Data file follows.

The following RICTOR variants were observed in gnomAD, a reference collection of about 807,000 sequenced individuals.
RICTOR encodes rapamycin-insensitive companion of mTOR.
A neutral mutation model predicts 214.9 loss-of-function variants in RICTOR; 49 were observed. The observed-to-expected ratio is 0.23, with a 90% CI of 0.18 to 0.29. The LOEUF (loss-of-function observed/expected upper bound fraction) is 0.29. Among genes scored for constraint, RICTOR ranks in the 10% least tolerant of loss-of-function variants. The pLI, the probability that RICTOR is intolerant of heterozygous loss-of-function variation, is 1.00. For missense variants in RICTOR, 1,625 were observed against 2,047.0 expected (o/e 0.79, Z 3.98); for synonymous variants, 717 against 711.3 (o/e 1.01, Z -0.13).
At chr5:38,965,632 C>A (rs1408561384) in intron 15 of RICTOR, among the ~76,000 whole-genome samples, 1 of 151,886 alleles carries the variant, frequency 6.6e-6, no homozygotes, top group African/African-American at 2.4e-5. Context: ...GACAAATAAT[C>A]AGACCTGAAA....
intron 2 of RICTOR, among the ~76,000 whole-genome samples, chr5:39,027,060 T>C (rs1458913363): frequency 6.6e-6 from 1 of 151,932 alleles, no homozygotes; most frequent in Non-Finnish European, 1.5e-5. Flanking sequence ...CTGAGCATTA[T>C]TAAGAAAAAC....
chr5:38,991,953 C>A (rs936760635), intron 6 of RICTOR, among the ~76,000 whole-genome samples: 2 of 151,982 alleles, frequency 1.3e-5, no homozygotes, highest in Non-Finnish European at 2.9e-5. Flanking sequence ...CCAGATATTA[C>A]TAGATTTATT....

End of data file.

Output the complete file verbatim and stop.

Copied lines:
The following RICTOR variants were observed in gnomAD, a reference collection of about 807,000 sequenced individuals.
RICTOR encodes rapamycin-insensitive companion of mTOR.
A neutral mutation model predicts 214.9 loss-of-function variants in RICTOR; 49 were observed. The observed-to-expected ratio is 0.23, with a 90% CI of 0.18 to 0.29. The LOEUF (loss-of-function observed/expected upper bound fraction) is 0.29. Among genes scored for constraint, RICTOR ranks in the 10% least tolerant of loss-of-function variants. The pLI, the probability that RICTOR is intolerant of heterozygous loss-of-function variation, is 1.00. For missense variants in RICTOR, 1,625 were observed against 2,047.0 expected (o/e 0.79, Z 3.98); for synonymous variants, 717 against 711.3 (o/e 1.01, Z -0.13).
At chr5:38,965,632 C>A (rs1408561384) in intron 15 of RICTOR, among the ~76,000 whole-genome samples, 1 of 151,886 alleles carries the variant, frequency 6.6e-6, no homozygotes, top group African/African-American at 2.4e-5. Context: ...GACAAATAAT[C>A]AGACCTGAAA....
intron 2 of RICTOR, among the ~76,000 whole-genome samples, chr5:39,027,060 T>C (rs1458913363): frequency 6.6e-6 from 1 of 151,932 alleles, no homozygotes; most frequent in Non-Finnish European, 1.5e-5. Flanking sequence ...CTGAGCATTA[T>C]TAAGAAAAAC....
chr5:38,991,953 C>A (rs936760635), intron 6 of RICTOR, among the ~76,000 whole-genome samples: 2 of 151,982 alleles, frequency 1.3e-5, no homozygotes, highest in Non-Finnish European at 2.9e-5. Flanking sequence ...CCAGATATTA[C>A]TAGATTTATT....